If you still can't really tell what type of skin you have or you want to learn more about what colors of makeup and clothing look best on you, you may want to attend a color class or make an appointment with a stylist. Usually, cool-toned people are advised to wear jewel tones, pinks, blues, and pure white. Warm-toned people typically look better in earthy tones, such as orange, green, yellow, red, and brown.

A stylist may also categorize you using the seasonal color method. In this system, people are generally divided in spring, summer, autumn, and winter types, with each category further breaking down into things like clear, light, soft, and hard depending on your skin color, variations in your skin undertones, and the saturation of your hair and eye color. For instance, a person could be a clear, cool, light summer, in which case he or she would look best in light, but warm colors like coral and khaki.

Dressing to Complement Your Skin

Wearing the most flattering colors can help you to look your best overall and make you look more vibrant. They can, for example, make your eyes to really stand out and give your skin a healthy glow, rather than looking tired or washed out. Regardless of your skin undertones though, some colors may just not look good on you. This sometimes happens when people have colors or features that overlap various categories.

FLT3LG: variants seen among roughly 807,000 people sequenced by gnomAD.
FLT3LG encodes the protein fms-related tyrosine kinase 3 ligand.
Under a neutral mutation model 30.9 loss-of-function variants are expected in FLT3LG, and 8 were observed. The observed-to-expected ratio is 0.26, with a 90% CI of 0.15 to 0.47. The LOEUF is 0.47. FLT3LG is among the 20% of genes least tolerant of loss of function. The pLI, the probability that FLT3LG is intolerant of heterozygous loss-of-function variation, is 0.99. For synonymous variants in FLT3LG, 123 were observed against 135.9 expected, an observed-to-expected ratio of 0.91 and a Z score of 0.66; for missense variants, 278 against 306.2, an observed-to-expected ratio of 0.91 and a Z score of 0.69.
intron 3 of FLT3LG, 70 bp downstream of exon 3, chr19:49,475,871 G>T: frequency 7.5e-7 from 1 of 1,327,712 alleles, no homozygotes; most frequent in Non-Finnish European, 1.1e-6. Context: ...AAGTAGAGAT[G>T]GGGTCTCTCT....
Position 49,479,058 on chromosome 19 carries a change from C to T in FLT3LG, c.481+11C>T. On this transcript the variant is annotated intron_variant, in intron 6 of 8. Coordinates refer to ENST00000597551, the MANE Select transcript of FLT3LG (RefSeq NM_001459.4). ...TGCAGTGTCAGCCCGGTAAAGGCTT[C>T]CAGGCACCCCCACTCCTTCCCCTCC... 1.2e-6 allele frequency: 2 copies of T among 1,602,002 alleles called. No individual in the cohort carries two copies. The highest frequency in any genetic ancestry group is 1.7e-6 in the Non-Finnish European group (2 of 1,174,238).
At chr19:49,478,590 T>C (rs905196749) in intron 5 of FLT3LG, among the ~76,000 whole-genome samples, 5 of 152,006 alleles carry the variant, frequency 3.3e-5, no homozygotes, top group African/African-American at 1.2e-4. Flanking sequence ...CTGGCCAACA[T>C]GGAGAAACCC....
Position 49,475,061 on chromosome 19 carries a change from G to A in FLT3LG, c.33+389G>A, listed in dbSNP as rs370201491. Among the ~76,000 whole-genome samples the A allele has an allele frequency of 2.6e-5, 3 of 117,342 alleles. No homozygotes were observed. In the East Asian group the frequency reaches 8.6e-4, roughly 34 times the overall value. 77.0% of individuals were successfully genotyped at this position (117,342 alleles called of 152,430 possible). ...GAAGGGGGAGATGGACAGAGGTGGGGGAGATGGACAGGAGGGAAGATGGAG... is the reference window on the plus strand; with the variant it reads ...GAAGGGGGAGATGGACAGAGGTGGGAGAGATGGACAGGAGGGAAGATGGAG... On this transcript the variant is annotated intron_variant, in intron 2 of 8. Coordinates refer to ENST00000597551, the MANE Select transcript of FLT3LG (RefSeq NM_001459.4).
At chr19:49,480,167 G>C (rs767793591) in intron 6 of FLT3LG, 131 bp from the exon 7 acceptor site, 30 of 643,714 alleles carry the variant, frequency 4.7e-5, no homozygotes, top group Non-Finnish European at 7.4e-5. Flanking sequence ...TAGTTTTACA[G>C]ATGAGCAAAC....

If you have a color that you love, but find that it is not flattering, you still may be able to find ways to wear it, as long as you try to not wear it above your waist and definitely not near your face. Slight variations of certain colors can also work. For instance, if you have soft but warm coloring, you may not look good in a stark white shirt, but a soft ivory one might work very well.


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Discuss this Article

Post 9

This was really helpful. I had a small suspicion that I had warm undertones, just from what I've heard growing up and all that. You know, sometimes you hear stuff and you don't know what it means but you retain the info anyway. But the vein test and the metal test and eye test and hair color, it all checks out. So thank you this really did help!

Post 8

I'm actually looking for an article on how to find specific undertone colors. I've always sort of known as much as 'cool' (like I always hear people saying, "oh this color looks good on me because I have yellow undertones") and I can't seem to find anything. It looks like I'll be going to a professional. *sigh*